It's an interesting question, and instantly reminded me of my thoughts I had before. I thought homo sapiens is still a child, it's not an adult yet. As a species, it's been only 200,000 years since the homo sapiens [arrived]. For example, elephants have been living on the same planet we share for 30 million years, something like that. We must respect them, all those other species. We shouldn't destroy them. So we're still babies. That's why artists and musicians, we are so clouded by what we make and build, we think we make something. People say, "I made this rice, or these vegetables," but no, no, no. We don't make it. Nature makes it. We care, we grow, and we maybe change, modify, but we can't make it. But we don't think that way, it's very, very arrogant. Because we are still childish. I hope.

We need to evolve quicker. But these systems don't allow for evolution.

Sorry, it's maybe one too many jokes, but I love this joke: There are some astronauts launch a rocket to find another planet for humans to live. So it takes some years, but finally they find a beautiful planet like Earth. So they land and there are people on this planet, so they ask, "Whose is this planet? What's the name of this planet?" But the people are so silent and quiet and smiling, so the astronauts think they are dumb, stupid people. "Let's leave and find another one." They leave the planet, and actually in fact this planet is the same Earth in 10,000 years in the future, and the people are homo sapiens but they evolved. Each person is like a Buddha or Jesus: very peaceful, very wise. But we can not recognize Jesus or Buddha-like people.

Where does your sense of spirituality come from? Do you align with any major religion?

No, but I've interested in Tibetan Buddhism for a long time, since the early '90s. I met His Holiness the Dalai Lama three times. Personally, face-to-face — well, with some guards [laughs]. He's an amazing person. When I made my first and only opera called Life in 1999, the end of the 20th century, I really wanted to have a message from His Holiness. I wrote a letter, several times. And finally, I got a letter from his office saying on that day at one o'clock, come to Leh. Leh? What is Leh? Obviously, Leh is a city of the Kashmir region of north India. I had never heard of Leh, and found out it's one of the highest cities — 4,000 meters from the sea level in the Himalayas. So come to Leh on that day at 1 p.m.! [Laughs.]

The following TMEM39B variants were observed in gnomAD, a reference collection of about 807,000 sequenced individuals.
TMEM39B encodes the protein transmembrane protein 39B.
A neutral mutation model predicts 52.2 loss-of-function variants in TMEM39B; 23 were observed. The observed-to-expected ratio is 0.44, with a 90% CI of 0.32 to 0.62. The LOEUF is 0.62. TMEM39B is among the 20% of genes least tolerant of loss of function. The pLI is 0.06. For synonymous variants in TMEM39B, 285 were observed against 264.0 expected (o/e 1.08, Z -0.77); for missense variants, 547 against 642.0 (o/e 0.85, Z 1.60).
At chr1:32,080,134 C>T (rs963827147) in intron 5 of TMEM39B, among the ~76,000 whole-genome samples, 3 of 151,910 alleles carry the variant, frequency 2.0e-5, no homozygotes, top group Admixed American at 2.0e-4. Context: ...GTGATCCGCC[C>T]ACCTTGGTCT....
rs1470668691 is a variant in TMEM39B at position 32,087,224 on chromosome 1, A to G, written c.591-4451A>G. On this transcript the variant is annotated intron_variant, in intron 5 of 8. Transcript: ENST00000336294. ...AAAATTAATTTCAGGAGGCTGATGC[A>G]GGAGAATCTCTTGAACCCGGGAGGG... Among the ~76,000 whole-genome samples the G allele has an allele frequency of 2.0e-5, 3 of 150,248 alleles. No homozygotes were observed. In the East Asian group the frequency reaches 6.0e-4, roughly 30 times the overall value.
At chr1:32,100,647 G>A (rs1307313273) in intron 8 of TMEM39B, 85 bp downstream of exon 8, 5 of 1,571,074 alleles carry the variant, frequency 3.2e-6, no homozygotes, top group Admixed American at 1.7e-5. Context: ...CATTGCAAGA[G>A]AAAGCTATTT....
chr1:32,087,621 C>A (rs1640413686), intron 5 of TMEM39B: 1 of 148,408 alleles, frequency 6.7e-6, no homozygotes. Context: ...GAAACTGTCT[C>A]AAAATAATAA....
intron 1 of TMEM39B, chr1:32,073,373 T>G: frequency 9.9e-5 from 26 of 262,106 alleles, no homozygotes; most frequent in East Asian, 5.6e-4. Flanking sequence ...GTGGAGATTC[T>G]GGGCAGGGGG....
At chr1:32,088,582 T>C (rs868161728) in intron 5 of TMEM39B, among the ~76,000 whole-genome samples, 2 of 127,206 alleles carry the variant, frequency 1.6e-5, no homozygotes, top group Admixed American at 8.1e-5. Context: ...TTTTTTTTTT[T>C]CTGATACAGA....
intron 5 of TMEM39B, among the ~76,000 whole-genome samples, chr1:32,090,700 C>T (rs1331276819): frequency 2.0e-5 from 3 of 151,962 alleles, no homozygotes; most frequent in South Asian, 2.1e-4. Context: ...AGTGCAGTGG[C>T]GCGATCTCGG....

I couldn't believe it, but I did it. So we were very nervous and waiting in the waiting room, then His Holiness came into the room, and I felt like some light coming out from him, like a Jesus. This is him, this is the man. I felt — not I thought, but I felt it — some aura or light coming from him. If I am Matthew or Paul or John, and I put down my fishing nets and just started following him. I wrote about this to [David] Sylvian, I said I was like John when he saw Jesus coming on the street. "Why didn't you do that, just follow him?" Sylvian said. He's an amazing person, and I hope and pray for his long life. I became friends with one of his guards, who can speak Japanese. He's Tibetan but lived in Japan for some years, so he could speak Japanese. He said His Holiness has almost every day an assassin who come. His Tibetan guards, who protect His Holiness, are so, so nervous.


One thing that I think you have in common with the Dalai Lama is your sense of humor. In your performance on Tuesday, you scolded the chimes for continuing to move after you'd finished playing them. You welcome laughter. In interviews, it seems like Dalai Lama also does that.